In the UK the answer is: not always.

Article 8(1) of the European Convention on Human Rights (ECHR) states "everyone has a right of respect for his private and family life, his home and his correspondence". However, this is not an absolute right: it is a qualified right and interference with such privacy may be justified. Article 8(2) provides that a public authority shall not interfere with the exercise of the right to privacy "except such as is in accordance with the law and is necessary in a democratic society:

• in the interests of national security, public safety or the economic well-being of the country;

• for the prevention of disorder or crime;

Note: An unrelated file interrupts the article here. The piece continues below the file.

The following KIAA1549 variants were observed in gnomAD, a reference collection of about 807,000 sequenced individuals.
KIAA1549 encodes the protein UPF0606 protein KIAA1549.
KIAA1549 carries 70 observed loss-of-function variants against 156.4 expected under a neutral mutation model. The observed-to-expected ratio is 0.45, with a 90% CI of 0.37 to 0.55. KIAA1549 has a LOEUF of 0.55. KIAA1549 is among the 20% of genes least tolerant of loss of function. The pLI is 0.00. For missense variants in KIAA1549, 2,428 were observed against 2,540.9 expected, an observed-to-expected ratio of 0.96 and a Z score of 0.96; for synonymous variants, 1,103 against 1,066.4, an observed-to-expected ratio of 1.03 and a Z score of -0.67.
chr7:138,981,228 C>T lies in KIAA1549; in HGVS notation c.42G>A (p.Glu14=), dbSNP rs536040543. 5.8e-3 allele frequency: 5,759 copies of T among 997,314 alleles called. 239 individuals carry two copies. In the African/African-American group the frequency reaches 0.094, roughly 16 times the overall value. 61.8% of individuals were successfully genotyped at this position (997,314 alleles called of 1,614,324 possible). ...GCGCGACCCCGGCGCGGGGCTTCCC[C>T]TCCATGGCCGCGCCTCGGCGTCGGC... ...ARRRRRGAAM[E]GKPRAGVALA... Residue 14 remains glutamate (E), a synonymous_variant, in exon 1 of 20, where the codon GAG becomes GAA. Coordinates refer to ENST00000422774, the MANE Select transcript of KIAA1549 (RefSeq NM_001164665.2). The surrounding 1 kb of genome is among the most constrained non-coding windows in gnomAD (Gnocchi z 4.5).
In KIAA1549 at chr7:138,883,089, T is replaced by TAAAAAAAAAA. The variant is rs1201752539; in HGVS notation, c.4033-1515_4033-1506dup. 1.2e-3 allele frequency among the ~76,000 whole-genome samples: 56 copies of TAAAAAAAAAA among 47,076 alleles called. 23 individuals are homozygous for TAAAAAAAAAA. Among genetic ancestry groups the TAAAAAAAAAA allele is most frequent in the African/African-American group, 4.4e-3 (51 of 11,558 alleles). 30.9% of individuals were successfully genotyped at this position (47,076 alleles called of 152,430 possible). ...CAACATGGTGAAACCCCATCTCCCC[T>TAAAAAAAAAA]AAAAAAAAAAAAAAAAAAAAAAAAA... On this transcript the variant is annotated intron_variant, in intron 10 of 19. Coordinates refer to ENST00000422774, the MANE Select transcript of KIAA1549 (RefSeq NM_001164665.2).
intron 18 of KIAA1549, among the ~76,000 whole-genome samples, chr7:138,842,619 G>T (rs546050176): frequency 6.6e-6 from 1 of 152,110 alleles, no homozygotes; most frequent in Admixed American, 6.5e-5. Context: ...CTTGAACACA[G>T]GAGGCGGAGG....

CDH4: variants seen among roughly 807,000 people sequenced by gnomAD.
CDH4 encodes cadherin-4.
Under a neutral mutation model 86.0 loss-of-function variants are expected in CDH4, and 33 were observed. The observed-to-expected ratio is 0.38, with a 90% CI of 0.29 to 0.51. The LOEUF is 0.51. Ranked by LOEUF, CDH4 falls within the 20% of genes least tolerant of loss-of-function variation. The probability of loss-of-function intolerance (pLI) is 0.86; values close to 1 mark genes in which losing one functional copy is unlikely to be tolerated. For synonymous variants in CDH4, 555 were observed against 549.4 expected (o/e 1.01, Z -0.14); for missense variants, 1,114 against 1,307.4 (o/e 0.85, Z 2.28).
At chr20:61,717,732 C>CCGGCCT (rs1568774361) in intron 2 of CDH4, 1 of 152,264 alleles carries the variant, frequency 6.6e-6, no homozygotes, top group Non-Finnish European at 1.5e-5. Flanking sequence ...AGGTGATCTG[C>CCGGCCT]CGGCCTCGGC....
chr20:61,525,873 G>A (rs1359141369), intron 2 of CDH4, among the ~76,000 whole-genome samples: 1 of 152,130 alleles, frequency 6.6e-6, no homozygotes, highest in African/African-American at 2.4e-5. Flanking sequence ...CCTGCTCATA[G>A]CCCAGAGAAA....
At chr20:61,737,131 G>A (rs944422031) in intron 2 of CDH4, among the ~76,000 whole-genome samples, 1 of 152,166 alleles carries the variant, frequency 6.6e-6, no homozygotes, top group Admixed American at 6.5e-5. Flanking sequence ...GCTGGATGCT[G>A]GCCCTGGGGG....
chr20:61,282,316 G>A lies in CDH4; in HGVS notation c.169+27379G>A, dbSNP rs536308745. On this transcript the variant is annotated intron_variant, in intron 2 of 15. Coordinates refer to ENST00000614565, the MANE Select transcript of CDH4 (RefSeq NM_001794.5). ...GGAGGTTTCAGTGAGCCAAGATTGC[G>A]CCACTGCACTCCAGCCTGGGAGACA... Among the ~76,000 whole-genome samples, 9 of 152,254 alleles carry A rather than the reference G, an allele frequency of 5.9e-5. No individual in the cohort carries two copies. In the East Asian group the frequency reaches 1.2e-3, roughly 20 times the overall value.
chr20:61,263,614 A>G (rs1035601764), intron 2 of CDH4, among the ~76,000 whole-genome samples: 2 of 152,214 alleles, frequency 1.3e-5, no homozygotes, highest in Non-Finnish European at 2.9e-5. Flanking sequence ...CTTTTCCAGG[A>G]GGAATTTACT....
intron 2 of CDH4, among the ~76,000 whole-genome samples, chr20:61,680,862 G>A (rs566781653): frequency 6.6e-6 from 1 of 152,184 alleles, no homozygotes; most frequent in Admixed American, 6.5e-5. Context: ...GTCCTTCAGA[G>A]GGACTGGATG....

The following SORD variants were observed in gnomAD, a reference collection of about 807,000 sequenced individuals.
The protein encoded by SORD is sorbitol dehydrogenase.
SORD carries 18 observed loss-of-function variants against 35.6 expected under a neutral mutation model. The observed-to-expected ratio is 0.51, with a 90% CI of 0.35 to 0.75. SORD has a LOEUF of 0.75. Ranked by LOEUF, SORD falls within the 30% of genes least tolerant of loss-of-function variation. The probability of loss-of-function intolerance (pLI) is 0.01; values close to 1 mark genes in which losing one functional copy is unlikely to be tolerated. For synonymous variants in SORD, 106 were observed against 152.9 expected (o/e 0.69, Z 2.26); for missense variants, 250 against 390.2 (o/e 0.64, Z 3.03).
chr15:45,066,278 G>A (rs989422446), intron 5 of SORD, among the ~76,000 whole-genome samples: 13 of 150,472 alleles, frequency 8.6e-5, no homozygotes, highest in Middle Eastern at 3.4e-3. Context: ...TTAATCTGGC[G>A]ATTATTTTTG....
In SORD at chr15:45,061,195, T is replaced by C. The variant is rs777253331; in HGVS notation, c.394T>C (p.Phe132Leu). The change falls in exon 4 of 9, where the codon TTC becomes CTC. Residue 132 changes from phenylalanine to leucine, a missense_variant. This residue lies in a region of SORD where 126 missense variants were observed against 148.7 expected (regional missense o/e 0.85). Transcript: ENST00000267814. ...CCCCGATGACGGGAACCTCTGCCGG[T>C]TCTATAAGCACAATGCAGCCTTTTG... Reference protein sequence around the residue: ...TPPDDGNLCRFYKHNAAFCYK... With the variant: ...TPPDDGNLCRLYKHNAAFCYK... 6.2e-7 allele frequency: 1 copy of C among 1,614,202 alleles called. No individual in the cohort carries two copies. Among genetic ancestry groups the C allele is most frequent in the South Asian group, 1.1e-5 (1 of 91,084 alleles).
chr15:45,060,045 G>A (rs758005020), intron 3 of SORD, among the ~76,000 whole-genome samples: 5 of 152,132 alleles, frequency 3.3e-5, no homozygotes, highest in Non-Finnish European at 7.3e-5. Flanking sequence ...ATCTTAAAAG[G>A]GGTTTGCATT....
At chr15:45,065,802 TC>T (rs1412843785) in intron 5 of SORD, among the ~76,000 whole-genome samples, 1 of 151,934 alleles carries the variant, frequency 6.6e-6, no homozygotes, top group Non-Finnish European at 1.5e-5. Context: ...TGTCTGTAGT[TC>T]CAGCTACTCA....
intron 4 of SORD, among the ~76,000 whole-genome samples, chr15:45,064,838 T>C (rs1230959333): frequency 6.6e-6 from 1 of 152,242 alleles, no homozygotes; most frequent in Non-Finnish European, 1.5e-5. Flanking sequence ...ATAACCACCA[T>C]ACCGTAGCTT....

• for the protection of health or morals;

• for the protection of the rights and freedoms of others."

The Human Rights Act 1998 (HRA 1988) incorporates Article 8 of the ECHR into UK law and all “public authorities” are expressly subject to the HRA 1998.

The definition of "public authorities" is very broad, going well beyond the narrow categories of central and local government and encompassing any person who carries out functions of a "public nature".

Therefore, if the scenario applicable to Mrs Clinton in the US were to be transferred to the UK, the argument adopted by Mrs Clinton may have little chances of success in the light of the said provisions.